Green Products? How Do You Really Know?

  • Green Seals of Approval

    Green products can be plastered with various labels, but what do they mean and are they worth it?  Here’s what you need to know about some of the seals you’re likely to see next time you’re at the grocery store.Photo Credit: TheTruthAbout...
    Energy Star
  • Energy Star

    For an appliance to qualify as an Energy Star certified product, it has to use new technologies that mean 10% to 50% in energy and water savings compared with regular versions of the appliance, according to the joint program of the Environmental Protection Agency and the Department of Energy. For example, an Energy Star Certified fridge or freezer that’s 36 inches high or smaller with less than 7.75 cubic feet in volume has to be at least 20% more efficient than federal standards using certain Energy Star formulas for calculation. Photo Credit: tom.arthur
    USDA Organic
  • USDA Organic

    Despite the recession, organic food seems to be all the rage. Even Wal-Mart has pushed its own line of organic products.  But products labeled “USDA Organic” don’t necessarily have to have all-organic ingredients to get the label. According to the USDA, “organic” foods can contain as much as 5% non-organic ingredients not counting added water and salt. The ingredients that are organic have to be listed as such in the ingredients list. Products that are 100% organic will likely be labeled as such. Products that contain at least 70% organic ingredients can be labeled “Made with Organic” ingredients and products with less than 70% organic ingredients can include “some organic ingredients on their label. Photo Credit: USDA Agricultural Marketing Service
    Smart Choices
  • Smart Choices

    The Smart Choices label is meant to identify healthful foods for consumers on the go who may not have the time to inspect all nutrition facts and ingredients. To get the label, products have to have limited total fat, saturated fat, trans fats, cholesterol, added sugars and sodium, according to the Smart Choices program. They should also contain beneficial ingredients like vitamins and fiber.Photo Credit: Smart Choices
    Fair Trade Certified
  • Fair Trade Certified

    First of all, it’s important to note that Fair Trade certification is only available in the U.S. for coffee, tea and herbs, cocoa and chocolate, fresh fruit, flowers, sugar, rice and vanilla. The label identifies goods produced by “democratically organized farmer groups [who] receive a guaranteed minimum floor price and an additional premium for certified organic products,” according to TransFair USA, a group belonging to Fairtrade Labeling Organizations, an international organization. In addition, companies producing fair trade-labeled products have to ensure that workers have fair labor conditions like safe working conditions, living wages and no child labor. “Importers purchase from Fair Trade producer groups as directly as possible, eliminating unnecessary middlemen and empowering farmers to develop the business capacity necessary to compete in the global marketplace,” Transfair explains. “Additionally, agrochemicals and genetically modified organisms are strictly prohibited,” the group notes. Photo Credit: TransFair USA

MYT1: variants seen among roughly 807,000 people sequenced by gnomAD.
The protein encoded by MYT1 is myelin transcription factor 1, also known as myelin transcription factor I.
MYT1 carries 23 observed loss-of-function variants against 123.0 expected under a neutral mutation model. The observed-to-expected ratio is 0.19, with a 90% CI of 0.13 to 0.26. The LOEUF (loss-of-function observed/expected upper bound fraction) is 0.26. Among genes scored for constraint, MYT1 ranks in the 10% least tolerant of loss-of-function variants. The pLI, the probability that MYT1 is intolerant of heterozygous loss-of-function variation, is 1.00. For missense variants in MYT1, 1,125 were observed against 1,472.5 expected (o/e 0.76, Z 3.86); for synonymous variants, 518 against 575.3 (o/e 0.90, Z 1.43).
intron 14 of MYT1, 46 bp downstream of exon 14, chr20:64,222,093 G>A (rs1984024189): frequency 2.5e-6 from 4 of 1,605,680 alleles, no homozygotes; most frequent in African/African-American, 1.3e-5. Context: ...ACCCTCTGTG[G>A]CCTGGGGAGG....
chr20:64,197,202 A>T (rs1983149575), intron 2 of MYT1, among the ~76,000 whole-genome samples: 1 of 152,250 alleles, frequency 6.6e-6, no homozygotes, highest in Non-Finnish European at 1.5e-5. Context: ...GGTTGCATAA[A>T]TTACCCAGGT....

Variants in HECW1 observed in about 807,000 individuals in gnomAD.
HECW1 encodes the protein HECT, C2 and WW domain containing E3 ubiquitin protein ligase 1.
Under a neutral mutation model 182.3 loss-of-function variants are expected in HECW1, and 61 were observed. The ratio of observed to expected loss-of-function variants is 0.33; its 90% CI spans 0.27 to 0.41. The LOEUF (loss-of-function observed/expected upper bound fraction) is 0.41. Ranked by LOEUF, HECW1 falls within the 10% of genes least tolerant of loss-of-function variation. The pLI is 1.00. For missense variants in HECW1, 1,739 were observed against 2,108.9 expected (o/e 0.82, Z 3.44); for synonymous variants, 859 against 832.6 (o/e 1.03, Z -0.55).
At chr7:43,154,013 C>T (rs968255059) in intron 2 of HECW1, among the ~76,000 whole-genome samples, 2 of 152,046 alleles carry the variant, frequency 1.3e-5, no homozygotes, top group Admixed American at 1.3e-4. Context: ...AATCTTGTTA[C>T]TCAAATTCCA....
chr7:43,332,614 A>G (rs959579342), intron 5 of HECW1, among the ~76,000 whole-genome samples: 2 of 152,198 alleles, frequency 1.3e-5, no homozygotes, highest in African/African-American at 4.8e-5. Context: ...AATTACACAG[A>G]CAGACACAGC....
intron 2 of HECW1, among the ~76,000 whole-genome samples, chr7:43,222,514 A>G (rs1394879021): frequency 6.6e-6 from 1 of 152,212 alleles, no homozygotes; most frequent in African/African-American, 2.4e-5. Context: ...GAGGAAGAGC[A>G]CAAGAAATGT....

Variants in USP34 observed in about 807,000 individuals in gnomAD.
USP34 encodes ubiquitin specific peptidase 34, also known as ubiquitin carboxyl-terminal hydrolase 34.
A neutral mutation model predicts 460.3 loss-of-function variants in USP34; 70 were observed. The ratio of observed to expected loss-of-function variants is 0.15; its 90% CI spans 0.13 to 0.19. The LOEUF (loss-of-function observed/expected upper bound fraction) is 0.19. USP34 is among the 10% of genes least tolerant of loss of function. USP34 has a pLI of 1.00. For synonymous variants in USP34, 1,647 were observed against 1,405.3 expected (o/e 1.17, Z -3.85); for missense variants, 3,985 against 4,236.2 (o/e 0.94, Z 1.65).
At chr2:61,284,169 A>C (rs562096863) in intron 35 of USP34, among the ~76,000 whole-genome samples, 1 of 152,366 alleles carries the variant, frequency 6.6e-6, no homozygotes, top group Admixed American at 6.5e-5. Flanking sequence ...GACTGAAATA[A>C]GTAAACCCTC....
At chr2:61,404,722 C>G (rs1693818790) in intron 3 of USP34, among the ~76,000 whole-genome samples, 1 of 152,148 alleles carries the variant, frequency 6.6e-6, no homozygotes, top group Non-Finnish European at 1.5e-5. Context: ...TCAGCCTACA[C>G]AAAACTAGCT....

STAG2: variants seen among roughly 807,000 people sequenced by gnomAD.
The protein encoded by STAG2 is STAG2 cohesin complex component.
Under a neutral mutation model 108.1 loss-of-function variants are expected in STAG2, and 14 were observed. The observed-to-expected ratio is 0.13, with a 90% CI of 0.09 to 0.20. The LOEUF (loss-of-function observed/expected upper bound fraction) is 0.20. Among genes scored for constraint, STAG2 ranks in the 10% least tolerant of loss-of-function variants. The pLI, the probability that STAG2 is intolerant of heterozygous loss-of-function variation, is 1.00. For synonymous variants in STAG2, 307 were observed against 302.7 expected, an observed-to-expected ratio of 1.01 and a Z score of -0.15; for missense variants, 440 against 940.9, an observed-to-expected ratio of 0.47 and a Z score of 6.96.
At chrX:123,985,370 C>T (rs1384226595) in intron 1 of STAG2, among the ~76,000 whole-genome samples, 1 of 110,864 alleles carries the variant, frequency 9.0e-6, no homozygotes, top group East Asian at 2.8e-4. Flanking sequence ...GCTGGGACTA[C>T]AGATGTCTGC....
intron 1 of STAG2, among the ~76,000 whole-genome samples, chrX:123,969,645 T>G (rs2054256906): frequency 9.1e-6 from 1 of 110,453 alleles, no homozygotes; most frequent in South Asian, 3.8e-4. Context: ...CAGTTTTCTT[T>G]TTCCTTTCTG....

Rainforest Alliance Certified
  • Rainforest Alliance Certified

    This certification means a product was developed and produced with its ecological, economic and social impact in mind. The Rainforest Alliance is a New York-based organization hoping to help improve consumer and company behavior to help promote environmental sustainability. The Alliance scopes out and monitors farms and their practices that ensure conservation of water, wildlife and the ecosystem and that workers are fairly treated, among other standards. Photo Credit: Rainforest Alliance
    Design for the Environment
  • Design for the Environment

    It may not be easy for a product to get the Design for the Environment or DfE label. The EPA’s seasoned chemists look at all of a product’s ingredients, considers their impact on all animal and plant life and compares the products to similar ones on the market.  Only the best products in their class with the safest ingredients get the DfE seal. The products “are inherently safer or do not irritate sensitive skin … break down quickly and do not harm fish or are safer for use around family pets,” the EPA says. Photo Credit: U.S. Environmental Protection Agency
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